The pages of sacred and secular histories are strewn with the names of mortals who, astoundingly gifted by all parameters, mismanaged their endowments and detoured to limbo. Limelight can dim a star. We either rise to stardom or sink to stardim(sic). Vibrant youngsters one moment, and the next minute they become struggling reminders of a life ill-lived.

Limelight can happen to just anyone who despises the Light and embraces the lime. Lime is sour and acidic by nature, so when one rises to stardom and fails to build the bulwark of character and genuine fear of God- virtues that should have been developed before the eventual rise- the same stardom can be dimmed. When stardom begins to dim, it then diminishes the star.

Stars do not become; they are made.

… He made the stars also (Gen. 1:16).

The StarMaker is the Fulcfrum of fame. We see here and there those who attempt to demonstrate a sense of detachment from Him witness the most pathetic of falls. Sacred history furnishes us with a spellbinding case in point.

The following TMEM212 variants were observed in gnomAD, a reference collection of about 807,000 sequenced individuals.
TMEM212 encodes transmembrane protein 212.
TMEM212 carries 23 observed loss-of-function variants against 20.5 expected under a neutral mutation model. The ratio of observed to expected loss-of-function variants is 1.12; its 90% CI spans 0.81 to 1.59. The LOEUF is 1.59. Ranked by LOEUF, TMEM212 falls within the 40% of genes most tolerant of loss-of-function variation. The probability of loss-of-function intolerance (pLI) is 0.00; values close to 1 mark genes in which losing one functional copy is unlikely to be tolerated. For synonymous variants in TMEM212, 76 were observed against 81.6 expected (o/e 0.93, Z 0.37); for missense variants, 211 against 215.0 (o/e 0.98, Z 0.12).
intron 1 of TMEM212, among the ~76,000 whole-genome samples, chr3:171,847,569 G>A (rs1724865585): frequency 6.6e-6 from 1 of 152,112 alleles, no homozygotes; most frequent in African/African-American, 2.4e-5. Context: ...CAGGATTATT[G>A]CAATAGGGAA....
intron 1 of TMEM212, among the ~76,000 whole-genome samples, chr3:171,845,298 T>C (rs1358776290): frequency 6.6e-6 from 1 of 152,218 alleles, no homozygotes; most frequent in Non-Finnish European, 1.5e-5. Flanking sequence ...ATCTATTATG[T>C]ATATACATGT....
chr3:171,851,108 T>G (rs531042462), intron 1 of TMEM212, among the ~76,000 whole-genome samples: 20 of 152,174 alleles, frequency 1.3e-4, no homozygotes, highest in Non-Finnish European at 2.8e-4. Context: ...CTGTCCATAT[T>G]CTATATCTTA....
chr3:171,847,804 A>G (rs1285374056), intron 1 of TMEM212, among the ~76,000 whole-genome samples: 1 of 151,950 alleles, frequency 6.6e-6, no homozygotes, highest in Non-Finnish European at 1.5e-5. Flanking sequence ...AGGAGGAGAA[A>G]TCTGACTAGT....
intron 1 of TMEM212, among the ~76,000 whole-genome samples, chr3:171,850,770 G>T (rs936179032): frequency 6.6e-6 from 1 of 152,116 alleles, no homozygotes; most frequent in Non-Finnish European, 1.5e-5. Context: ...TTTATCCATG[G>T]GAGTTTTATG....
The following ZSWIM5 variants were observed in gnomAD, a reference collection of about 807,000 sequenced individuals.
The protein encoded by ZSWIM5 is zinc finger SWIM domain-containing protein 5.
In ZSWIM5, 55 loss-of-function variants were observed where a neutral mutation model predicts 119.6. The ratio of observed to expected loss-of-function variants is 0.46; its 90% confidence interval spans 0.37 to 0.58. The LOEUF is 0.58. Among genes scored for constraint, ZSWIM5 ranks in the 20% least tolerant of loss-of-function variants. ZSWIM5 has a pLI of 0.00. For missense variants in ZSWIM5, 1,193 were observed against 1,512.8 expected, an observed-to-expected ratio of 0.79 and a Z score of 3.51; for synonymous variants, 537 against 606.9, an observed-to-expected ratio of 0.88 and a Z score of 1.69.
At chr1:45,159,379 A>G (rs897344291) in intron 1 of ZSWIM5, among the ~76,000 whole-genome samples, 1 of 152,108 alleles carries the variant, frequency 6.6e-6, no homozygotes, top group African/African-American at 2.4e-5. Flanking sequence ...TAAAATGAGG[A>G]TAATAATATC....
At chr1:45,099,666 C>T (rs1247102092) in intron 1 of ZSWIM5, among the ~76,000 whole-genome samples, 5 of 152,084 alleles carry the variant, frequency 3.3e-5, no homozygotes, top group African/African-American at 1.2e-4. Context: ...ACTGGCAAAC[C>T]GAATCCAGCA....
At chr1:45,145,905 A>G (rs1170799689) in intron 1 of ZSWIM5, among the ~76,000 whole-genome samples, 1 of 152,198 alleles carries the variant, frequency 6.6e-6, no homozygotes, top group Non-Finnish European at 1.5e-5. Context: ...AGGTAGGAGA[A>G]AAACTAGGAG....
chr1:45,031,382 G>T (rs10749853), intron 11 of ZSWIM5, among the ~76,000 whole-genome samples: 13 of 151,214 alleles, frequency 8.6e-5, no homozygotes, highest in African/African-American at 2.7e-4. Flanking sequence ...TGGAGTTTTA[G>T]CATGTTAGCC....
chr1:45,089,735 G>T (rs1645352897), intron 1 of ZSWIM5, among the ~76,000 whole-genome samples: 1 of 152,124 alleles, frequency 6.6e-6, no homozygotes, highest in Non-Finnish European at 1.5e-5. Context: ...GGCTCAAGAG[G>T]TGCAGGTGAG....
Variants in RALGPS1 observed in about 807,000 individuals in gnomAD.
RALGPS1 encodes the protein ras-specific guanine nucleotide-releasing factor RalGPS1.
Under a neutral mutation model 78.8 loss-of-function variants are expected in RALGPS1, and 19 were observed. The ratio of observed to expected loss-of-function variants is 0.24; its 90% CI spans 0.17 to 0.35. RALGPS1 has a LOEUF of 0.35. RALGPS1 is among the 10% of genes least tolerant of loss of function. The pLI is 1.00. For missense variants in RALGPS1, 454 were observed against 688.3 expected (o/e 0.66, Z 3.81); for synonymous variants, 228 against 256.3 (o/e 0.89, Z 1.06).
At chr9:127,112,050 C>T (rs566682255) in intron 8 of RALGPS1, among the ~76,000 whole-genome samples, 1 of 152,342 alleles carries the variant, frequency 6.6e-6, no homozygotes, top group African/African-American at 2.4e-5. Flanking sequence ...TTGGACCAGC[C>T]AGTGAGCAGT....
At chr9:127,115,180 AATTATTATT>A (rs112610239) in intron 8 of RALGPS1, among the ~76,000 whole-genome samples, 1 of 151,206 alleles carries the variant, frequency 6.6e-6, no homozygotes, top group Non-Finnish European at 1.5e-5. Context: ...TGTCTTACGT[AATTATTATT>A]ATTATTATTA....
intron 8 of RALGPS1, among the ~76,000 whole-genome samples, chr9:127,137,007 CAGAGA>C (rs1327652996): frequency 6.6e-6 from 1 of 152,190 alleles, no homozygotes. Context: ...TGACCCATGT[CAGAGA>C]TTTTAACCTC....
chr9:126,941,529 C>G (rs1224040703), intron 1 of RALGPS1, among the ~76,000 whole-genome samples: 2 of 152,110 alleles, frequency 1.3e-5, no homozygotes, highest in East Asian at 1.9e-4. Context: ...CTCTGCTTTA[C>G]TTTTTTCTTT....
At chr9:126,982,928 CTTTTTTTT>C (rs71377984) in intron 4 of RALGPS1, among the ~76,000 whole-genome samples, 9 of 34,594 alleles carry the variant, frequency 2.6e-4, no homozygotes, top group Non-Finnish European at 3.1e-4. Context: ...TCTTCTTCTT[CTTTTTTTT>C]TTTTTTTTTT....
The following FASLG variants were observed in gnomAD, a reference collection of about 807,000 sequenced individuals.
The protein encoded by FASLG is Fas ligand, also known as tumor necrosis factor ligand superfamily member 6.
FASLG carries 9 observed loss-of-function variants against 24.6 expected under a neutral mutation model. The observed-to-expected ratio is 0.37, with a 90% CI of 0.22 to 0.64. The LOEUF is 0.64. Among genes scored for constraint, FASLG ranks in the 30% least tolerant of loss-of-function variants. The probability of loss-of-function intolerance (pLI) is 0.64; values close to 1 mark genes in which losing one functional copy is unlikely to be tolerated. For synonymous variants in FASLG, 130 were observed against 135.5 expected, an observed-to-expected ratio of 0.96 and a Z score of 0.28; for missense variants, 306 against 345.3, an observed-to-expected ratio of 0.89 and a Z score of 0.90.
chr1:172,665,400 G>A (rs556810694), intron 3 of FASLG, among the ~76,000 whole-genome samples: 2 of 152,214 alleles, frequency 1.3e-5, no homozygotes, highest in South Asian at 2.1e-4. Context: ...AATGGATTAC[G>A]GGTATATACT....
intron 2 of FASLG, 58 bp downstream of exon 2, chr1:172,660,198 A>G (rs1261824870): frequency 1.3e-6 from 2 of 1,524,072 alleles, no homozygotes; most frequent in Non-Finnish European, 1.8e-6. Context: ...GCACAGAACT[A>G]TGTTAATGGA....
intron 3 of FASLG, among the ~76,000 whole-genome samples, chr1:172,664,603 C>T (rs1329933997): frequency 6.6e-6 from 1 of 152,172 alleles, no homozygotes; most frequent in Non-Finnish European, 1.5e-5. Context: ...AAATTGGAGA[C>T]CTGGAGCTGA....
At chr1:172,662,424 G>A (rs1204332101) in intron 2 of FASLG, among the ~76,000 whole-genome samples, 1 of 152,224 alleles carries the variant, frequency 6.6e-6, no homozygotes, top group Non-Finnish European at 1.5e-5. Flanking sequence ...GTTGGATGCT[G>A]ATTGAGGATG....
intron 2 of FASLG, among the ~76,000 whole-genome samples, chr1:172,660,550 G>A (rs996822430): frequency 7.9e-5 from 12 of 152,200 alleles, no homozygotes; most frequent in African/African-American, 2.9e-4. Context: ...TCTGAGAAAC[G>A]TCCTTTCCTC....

Dare I say that no human can boast of more clout and renown than Lucifer who “rose,” as it were, to the acme of his cherubic career. No mortal man could have risen higher than the son of the morning. But, from a celestial celebrity, he mutated to an indescribably aero-terrestrial reject by virtue of the lime found in his light:

Thou wast perfect in thy ways from the day that thou

wast created, till iniquity was found in thee (Ezek.


There is something found in a star that dims it; it is called “iniquity.” Iniquity is the “lime” in limelight. The moment a star begins to think and gloat about his rising as actualized only by sheer dint of hard work divorced from the Light of life, then the Bright and Morning Star, Whose creature the son of the morning even is, withdraws His shine and dimness sets in.

Let the Light of the world, the Holy One of God (Jesus Christ), beam His royalty on you so that limelight can be redefined. Selah

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